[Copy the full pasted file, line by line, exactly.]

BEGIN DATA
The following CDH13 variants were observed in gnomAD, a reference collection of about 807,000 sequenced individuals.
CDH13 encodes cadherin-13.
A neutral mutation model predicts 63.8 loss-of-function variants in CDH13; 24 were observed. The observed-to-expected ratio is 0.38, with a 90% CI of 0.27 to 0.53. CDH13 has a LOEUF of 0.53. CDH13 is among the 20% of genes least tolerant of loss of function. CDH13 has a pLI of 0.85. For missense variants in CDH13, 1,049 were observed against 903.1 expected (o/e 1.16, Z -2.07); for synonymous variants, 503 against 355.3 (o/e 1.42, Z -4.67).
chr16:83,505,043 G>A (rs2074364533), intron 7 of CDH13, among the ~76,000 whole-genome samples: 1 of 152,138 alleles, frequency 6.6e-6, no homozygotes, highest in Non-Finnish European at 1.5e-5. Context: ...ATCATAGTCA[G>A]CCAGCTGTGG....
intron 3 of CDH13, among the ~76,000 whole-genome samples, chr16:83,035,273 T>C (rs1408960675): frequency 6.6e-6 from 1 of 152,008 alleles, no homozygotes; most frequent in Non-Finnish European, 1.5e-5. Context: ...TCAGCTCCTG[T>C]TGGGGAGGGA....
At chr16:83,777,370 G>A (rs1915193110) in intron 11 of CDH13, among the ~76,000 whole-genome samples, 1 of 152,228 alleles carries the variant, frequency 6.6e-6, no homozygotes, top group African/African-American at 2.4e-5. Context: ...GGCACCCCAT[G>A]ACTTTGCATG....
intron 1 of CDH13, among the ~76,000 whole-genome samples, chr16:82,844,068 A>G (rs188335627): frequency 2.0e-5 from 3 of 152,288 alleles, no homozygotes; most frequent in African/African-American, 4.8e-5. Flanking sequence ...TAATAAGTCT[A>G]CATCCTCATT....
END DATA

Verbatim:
The following CDH13 variants were observed in gnomAD, a reference collection of about 807,000 sequenced individuals.
CDH13 encodes cadherin-13.
A neutral mutation model predicts 63.8 loss-of-function variants in CDH13; 24 were observed. The observed-to-expected ratio is 0.38, with a 90% CI of 0.27 to 0.53. CDH13 has a LOEUF of 0.53. CDH13 is among the 20% of genes least tolerant of loss of function. CDH13 has a pLI of 0.85. For missense variants in CDH13, 1,049 were observed against 903.1 expected (o/e 1.16, Z -2.07); for synonymous variants, 503 against 355.3 (o/e 1.42, Z -4.67).
chr16:83,505,043 G>A (rs2074364533), intron 7 of CDH13, among the ~76,000 whole-genome samples: 1 of 152,138 alleles, frequency 6.6e-6, no homozygotes, highest in Non-Finnish European at 1.5e-5. Context: ...ATCATAGTCA[G>A]CCAGCTGTGG....
intron 3 of CDH13, among the ~76,000 whole-genome samples, chr16:83,035,273 T>C (rs1408960675): frequency 6.6e-6 from 1 of 152,008 alleles, no homozygotes; most frequent in Non-Finnish European, 1.5e-5. Context: ...TCAGCTCCTG[T>C]TGGGGAGGGA....
At chr16:83,777,370 G>A (rs1915193110) in intron 11 of CDH13, among the ~76,000 whole-genome samples, 1 of 152,228 alleles carries the variant, frequency 6.6e-6, no homozygotes, top group African/African-American at 2.4e-5. Context: ...GGCACCCCAT[G>A]ACTTTGCATG....
intron 1 of CDH13, among the ~76,000 whole-genome samples, chr16:82,844,068 A>G (rs188335627): frequency 2.0e-5 from 3 of 152,288 alleles, no homozygotes; most frequent in African/African-American, 4.8e-5. Flanking sequence ...TAATAAGTCT[A>G]CATCCTCATT....